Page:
What do I know? I buy a plate that comes with countersunk holes, and plate leveler gizmos with screws that are obviously meant for the holes, and I just naturally think you're supposed to put the screws in the holes. :eek:

Thanks, Mike. Exactly what I needed to hear!

John
 

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Discussion Starter · #6 ·
You're a madman, Theo. Changing routers instead of just bits? I want to party with you, cowboy!

I can only hope to acquire the level of familiarity and comfort with routers that you obviously have. Until then, I'll probably stick to letting outfits like Rockler, Woodcraft, Lee Valley, etc. do my thinking for me. (Yeah, I know. Pretty lame.)
 

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I'm thinking of using this for another router tabletop:

Buy Phenolic Faced Plywood 1 2 x 24 x 48 at Woodcraft


Sure, it's expensive as hell, but it will probably be the last table I'll ever build.;)

I used the brown phenolic to make my latest tablesaw sled, and it slides fantastically, magically; across the top.:laugh:

As long as the top is slick, smooth, and more importantly...FLAT, you'll be good to go.;)
 

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Harrison, if you look at the economy table top sticky thread you will see that we used the phenolic impregnated Baltic birch. Work slides nice across it but it is a softer surface than going with a Formica top. I have found that clamping the fence or fixtures to this material leaves tiny marks from the pads. This has not been a problem but I felt you should be aware of it.
 

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Yes, I know a little about surface hardness. ;)The sled does have some small scratches on the bottom, which wouldn't be there if I used Formica.
But, you know, if everybody kept everything clean as possible; that would eliminate those pesky scratches.

Then again, a spotless shop is not making much sawdust or shavings.
 

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Discussion Starter · #10 ·
Too many choices!

Hi John,
I am glad you asked this question as I am also in the planning stages for a new router table. My original RT has a finished top (poly on veneered plywood) and it has held up pretty well. When I was routing many feet of primed casings I needed to stop and clean the surface several times but that is really the only problem I had with this top. However, for me new RT I am leaning towards a laminated top. Just in case you are interested my RT design has been influenced by a Fine Woodworking video on making a RT. You might want to check it out.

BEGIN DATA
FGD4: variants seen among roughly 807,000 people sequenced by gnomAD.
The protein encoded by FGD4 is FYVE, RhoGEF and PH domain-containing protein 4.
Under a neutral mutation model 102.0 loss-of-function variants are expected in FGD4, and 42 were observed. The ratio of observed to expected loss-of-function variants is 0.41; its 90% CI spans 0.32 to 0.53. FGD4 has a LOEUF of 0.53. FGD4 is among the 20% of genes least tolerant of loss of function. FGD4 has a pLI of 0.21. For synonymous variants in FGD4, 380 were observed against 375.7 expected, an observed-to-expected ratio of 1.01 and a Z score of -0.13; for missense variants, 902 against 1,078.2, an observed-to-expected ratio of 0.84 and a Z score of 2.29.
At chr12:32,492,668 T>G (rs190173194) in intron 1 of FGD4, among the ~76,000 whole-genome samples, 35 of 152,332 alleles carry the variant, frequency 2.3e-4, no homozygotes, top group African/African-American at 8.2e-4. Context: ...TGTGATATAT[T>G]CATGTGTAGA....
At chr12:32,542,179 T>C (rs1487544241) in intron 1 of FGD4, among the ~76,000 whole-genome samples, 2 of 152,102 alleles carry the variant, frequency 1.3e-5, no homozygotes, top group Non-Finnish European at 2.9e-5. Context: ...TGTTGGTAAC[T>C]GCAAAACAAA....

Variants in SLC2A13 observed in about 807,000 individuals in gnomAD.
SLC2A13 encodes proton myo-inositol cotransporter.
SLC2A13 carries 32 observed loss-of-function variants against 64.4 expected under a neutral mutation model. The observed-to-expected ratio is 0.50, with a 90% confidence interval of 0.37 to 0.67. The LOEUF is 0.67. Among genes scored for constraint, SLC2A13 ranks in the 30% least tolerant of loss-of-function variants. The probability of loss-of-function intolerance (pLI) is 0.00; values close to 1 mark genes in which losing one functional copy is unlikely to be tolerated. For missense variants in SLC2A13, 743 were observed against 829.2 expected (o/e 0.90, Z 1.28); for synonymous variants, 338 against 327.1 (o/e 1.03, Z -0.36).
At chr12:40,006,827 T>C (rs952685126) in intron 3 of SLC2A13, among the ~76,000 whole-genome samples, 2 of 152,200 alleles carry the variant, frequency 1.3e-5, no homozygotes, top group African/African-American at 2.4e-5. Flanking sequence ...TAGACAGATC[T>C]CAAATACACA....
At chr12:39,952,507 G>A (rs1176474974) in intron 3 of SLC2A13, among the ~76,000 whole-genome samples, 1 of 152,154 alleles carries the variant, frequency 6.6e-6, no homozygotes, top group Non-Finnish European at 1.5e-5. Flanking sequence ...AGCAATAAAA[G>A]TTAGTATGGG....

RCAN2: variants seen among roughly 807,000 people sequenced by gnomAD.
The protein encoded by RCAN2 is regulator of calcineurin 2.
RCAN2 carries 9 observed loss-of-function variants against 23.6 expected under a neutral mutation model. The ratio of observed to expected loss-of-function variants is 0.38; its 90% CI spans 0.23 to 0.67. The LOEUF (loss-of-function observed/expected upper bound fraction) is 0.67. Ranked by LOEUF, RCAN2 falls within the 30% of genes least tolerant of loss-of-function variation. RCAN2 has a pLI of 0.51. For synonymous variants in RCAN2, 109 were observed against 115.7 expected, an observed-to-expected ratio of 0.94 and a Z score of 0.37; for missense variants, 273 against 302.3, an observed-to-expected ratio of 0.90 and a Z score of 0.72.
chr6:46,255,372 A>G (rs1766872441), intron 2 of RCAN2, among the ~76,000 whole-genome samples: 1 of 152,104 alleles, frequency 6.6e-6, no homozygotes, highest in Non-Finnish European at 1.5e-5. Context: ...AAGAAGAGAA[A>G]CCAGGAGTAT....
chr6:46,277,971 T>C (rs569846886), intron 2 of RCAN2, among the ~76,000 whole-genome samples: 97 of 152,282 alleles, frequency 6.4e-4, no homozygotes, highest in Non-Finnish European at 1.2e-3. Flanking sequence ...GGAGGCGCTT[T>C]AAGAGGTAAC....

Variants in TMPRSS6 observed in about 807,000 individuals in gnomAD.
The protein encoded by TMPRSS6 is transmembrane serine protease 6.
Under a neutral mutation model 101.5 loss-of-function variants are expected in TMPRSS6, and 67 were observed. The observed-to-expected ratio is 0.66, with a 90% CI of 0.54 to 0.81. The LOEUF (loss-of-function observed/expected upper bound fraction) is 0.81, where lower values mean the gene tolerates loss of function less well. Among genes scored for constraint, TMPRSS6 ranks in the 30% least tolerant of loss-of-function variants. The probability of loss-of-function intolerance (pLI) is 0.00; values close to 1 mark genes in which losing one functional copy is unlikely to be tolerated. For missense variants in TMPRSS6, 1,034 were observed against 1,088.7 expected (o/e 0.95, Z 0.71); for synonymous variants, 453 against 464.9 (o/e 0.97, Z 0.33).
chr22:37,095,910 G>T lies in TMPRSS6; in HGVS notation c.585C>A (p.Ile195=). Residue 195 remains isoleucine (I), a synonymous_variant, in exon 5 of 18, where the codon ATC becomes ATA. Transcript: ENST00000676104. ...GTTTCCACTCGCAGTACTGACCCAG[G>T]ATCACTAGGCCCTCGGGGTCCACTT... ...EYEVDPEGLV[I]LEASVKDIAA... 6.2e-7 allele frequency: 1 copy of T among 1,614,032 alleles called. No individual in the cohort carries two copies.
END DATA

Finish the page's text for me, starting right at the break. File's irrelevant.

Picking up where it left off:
Best of luck with your project!

John
Thanks, John.

The really great thing about using material I already have for constructing my RT (besides the obviou$, of cour$e,) is that's one less decision I have to make. There is so much great stuff out there to work with!

I suffer from an affliction which frequently hampers my efforts, and it really flares up in situations like this. You may have heard of it. It's called Analysis Paralysis. Honestly, I can waste more time making relatively insignificant decisions than anyone I know. Drives SWMBO right up the wall! :rolleyes:
 

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Theo
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You're a madman, Theo. Changing routers instead of just bits? I want to party with you, cowboy!

I can only hope to acquire the level of familiarity and comfort with routers that you obviously have. Until then, I'll probably stick to letting outfits like Rockler, Woodcraft, Lee Valley, etc. do my thinking for me. (Yeah, I know. Pretty lame.)
Thank you, thank you, thank you. I'll be appearing here all week. :dance3: The other day I changed from my straight bit, to my roundover, to my 45 degree, and back to the straight bit. It was the first time I'd had the roundover or the 45 degree bits in so had to adjust them a tad, but even so, it was in 15 minutes or less. And next time no adjusting the roundover. Oh yes, using each, not just changing them. These are all the cheapest Craftsmen routers, 1/4" shank, and work very well for me. Got less invested in all four than a lot of people have in just one router.

You two can become familiar and comfortable with routers. All you have to do is learn to keep your fingers away from the whirly parts. :lol: